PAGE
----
I painstakingly narrowed the bunch down to 35 or so and then handed them off to people whose taste I trusted: Jeremy Peterson (OPBMusic, XRAY.FM), Dave Cusick (OPBMusic, KPSU, That Sound), Stephen Leisy (Genders), Jeremy Downing (Three Imaginary Girls), and 6 other friends. They were kind enough to spend the time listening, considering and documenting their feedback.
I had initially anticipated a smaller end result than the 22 tracks we ended with, but there wasn’t such a clear consensus. It was helpful enough to shave off 13 and save a few songs that I was ready to let go of.
So 116 tracks were cut, but 22 remained making for what’s still a very long album. Was there ever any thought to release multiple albums over time, or was the goal to build up as much material as possible?
The goal was most definitely NOT to build up this much material! 22 tracks is a far longer album than I’d advise anyone to release. It’s too much to ask of a listener. Perhaps, in the day and age of playlists and shuffling though, only the people who really connect with a band are delving deep enough to listen to entire albums anymore. For those exceptions, the more the better? I have to hope so.
Initially, the idea of multiple albums was the goal. Unfortunately, there are two realities that made that pretty unrealistic. The first is obviously financial. There’s a massive cost to properly getting an album out into the world. The second is time. By the time it would appropriate to release more material, there would surely be newer songs that we’d be more excited about.
Unfortunately or fortunately, there was a creative faucet running over the last several years. We could never seem to catch up with the volume of material coming out or seem to stop ourselves from creating more. I understand now why the Beatles famously decided to stop touring and holed up in the studio those years to mine their potential. Believe it or not, doing it again sounds appealing.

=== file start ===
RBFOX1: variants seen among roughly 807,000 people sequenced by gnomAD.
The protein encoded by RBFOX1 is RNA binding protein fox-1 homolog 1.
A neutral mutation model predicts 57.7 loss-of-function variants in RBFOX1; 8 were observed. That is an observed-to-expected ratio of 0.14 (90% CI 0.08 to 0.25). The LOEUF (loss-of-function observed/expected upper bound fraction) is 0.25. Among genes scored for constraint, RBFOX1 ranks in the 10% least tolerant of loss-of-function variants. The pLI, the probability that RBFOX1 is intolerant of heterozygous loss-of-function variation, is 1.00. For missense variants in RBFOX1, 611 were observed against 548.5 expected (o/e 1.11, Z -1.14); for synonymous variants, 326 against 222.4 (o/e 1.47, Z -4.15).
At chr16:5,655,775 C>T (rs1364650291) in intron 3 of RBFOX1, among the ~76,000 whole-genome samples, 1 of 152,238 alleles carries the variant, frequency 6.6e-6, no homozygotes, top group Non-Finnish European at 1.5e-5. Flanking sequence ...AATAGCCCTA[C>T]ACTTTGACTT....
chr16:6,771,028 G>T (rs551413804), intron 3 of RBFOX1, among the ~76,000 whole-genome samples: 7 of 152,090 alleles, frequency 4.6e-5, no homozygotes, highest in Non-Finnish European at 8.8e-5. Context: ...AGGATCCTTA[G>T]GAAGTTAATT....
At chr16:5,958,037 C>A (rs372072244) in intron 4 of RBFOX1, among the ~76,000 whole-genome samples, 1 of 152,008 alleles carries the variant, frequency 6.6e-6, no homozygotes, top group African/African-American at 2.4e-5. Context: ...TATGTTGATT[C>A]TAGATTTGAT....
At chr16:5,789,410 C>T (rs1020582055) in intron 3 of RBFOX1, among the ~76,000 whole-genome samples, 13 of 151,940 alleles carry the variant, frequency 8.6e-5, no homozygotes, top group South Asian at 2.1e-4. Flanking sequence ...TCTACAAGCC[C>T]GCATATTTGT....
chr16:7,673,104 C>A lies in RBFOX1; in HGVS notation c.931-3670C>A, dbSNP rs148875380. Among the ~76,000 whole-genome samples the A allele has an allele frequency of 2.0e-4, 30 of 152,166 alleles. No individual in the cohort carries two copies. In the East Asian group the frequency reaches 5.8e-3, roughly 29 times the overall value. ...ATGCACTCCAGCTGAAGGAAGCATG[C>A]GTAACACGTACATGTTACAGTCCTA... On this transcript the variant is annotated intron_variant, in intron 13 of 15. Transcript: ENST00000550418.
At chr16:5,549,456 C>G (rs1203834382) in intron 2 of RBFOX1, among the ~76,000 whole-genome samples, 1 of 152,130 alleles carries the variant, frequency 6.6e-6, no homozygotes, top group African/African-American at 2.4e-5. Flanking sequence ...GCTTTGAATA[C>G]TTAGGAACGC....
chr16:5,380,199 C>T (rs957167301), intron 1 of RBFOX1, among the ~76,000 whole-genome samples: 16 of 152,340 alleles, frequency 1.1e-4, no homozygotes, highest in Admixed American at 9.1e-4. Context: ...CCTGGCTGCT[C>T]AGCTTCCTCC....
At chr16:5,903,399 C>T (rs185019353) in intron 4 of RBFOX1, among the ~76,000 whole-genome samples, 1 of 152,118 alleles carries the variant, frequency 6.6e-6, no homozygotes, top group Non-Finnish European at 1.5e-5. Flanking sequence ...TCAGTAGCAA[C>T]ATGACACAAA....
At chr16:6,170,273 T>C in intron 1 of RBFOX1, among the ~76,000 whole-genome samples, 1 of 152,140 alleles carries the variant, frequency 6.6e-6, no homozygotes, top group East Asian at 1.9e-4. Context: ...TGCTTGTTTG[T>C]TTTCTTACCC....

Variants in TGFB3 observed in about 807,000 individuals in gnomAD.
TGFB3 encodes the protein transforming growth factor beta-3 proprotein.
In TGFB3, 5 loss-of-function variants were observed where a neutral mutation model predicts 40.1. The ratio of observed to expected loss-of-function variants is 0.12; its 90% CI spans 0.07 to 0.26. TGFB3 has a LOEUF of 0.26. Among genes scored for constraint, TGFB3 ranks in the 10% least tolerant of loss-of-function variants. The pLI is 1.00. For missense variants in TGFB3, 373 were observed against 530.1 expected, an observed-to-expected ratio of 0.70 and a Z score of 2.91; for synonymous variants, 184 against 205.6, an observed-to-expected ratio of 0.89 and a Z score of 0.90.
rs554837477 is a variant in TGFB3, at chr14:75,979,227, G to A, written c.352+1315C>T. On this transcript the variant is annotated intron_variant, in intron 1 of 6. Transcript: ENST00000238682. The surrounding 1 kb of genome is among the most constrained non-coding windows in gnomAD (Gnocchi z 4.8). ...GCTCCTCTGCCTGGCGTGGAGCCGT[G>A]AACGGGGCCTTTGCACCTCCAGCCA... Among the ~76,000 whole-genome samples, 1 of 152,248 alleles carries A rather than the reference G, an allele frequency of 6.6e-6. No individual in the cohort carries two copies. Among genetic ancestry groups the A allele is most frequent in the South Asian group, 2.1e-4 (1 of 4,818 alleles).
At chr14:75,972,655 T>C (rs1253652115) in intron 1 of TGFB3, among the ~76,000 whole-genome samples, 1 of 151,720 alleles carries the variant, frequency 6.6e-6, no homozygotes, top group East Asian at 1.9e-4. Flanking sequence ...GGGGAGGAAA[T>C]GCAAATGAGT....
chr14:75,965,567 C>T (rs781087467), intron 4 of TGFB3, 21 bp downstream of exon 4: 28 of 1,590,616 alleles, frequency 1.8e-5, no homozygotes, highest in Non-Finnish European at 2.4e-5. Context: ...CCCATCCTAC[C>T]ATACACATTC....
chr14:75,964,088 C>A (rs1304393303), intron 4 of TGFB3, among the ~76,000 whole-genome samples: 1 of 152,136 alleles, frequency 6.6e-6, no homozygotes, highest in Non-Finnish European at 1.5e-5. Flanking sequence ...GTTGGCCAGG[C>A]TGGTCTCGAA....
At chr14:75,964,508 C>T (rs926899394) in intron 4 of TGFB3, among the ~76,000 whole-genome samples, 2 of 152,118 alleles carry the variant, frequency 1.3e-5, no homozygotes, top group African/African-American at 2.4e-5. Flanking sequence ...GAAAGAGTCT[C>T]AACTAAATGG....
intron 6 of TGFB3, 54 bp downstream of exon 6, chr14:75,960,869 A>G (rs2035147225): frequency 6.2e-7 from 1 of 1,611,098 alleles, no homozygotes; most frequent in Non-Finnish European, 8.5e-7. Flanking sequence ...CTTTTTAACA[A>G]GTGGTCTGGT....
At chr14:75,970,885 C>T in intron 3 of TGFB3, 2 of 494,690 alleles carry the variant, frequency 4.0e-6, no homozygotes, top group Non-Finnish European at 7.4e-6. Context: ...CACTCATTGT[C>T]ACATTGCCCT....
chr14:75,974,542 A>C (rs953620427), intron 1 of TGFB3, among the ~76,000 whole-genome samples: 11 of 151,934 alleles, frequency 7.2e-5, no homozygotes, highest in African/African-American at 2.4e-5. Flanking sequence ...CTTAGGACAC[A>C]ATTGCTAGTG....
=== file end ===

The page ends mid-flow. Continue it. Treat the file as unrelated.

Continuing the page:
It seems a bit overwhelming to try and weave a consistent thread through 22 tracks — was there ever an overarching theme? Or was that sort of decided when paring down/arranging the track list?
There was never a consistent thread or theme to the body of work. There are just so many sides of me and so many things I love musically, that the only rule was no rules. I wanted boundless musical adventure. I can’t speak for anyone else on that, but it was important to me this time around.
The whole process was very self-indulgent in its lack of scope or focus. Each song was its own world. That did make choosing songs and sequencing the album challenging, but I’m glad we didn’t compromise. The input that we received from our aforementioned listening team did help inform the sequencing. Some of my favorite tracks are buried deep toward the end of the album, but that made sense.
Do you have a plan for the leftover 116 tracks that didn’t make the album? B-side releases, TBD, or scrapped? Hopefully we’ll get to hear some of that in the future!
As of now, there’s no plan for all of those songs. I hate the thought of them never seeing the light or being heard, but it’s quite possible. Who knows? If we’re lucky enough that there’s actually enough interest at some point…. For now, they’re safe and sound. =)
Look for Risley’s self-titled debut, out February 26, 2016. Catch them live 2/10 at Mississippi Studios with Sunbathe and Fog Father.
[Editor’s note: This interview was lightly edited for clarity.]